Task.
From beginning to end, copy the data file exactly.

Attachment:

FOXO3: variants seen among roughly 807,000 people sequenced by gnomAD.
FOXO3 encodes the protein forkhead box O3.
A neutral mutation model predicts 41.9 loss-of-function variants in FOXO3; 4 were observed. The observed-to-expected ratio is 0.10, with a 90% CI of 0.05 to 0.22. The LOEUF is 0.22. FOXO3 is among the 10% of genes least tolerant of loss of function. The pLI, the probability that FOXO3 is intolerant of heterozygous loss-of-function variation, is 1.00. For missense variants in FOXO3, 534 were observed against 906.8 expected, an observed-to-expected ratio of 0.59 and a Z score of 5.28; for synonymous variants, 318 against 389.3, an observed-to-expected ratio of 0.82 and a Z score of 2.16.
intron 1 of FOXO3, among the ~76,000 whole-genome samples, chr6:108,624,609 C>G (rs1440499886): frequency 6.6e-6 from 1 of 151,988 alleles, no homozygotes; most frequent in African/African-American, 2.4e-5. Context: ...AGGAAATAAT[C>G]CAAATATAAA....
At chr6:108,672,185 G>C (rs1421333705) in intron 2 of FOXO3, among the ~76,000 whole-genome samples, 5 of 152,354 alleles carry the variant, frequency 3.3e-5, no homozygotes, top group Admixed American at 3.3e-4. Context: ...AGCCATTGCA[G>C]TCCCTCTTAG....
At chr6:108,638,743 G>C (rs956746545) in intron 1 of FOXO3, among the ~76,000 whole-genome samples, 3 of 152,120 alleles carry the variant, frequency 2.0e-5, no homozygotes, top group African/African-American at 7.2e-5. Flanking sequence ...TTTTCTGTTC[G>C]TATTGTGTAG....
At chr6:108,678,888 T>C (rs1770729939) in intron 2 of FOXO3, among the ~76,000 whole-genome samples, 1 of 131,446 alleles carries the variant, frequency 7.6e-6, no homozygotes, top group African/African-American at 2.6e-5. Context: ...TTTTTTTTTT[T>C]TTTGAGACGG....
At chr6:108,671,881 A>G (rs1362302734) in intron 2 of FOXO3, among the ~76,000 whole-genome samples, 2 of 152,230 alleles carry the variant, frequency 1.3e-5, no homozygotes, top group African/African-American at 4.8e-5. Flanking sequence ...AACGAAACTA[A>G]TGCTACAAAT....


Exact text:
FOXO3: variants seen among roughly 807,000 people sequenced by gnomAD.
FOXO3 encodes the protein forkhead box O3.
A neutral mutation model predicts 41.9 loss-of-function variants in FOXO3; 4 were observed. The observed-to-expected ratio is 0.10, with a 90% CI of 0.05 to 0.22. The LOEUF is 0.22. FOXO3 is among the 10% of genes least tolerant of loss of function. The pLI, the probability that FOXO3 is intolerant of heterozygous loss-of-function variation, is 1.00. For missense variants in FOXO3, 534 were observed against 906.8 expected, an observed-to-expected ratio of 0.59 and a Z score of 5.28; for synonymous variants, 318 against 389.3, an observed-to-expected ratio of 0.82 and a Z score of 2.16.
intron 1 of FOXO3, among the ~76,000 whole-genome samples, chr6:108,624,609 C>G (rs1440499886): frequency 6.6e-6 from 1 of 151,988 alleles, no homozygotes; most frequent in African/African-American, 2.4e-5. Context: ...AGGAAATAAT[C>G]CAAATATAAA....
At chr6:108,672,185 G>C (rs1421333705) in intron 2 of FOXO3, among the ~76,000 whole-genome samples, 5 of 152,354 alleles carry the variant, frequency 3.3e-5, no homozygotes, top group Admixed American at 3.3e-4. Context: ...AGCCATTGCA[G>C]TCCCTCTTAG....
At chr6:108,638,743 G>C (rs956746545) in intron 1 of FOXO3, among the ~76,000 whole-genome samples, 3 of 152,120 alleles carry the variant, frequency 2.0e-5, no homozygotes, top group African/African-American at 7.2e-5. Flanking sequence ...TTTTCTGTTC[G>C]TATTGTGTAG....
At chr6:108,678,888 T>C (rs1770729939) in intron 2 of FOXO3, among the ~76,000 whole-genome samples, 1 of 131,446 alleles carries the variant, frequency 7.6e-6, no homozygotes, top group African/African-American at 2.6e-5. Context: ...TTTTTTTTTT[T>C]TTTGAGACGG....
At chr6:108,671,881 A>G (rs1362302734) in intron 2 of FOXO3, among the ~76,000 whole-genome samples, 2 of 152,230 alleles carry the variant, frequency 1.3e-5, no homozygotes, top group African/African-American at 4.8e-5. Flanking sequence ...AACGAAACTA[A>G]TGCTACAAAT....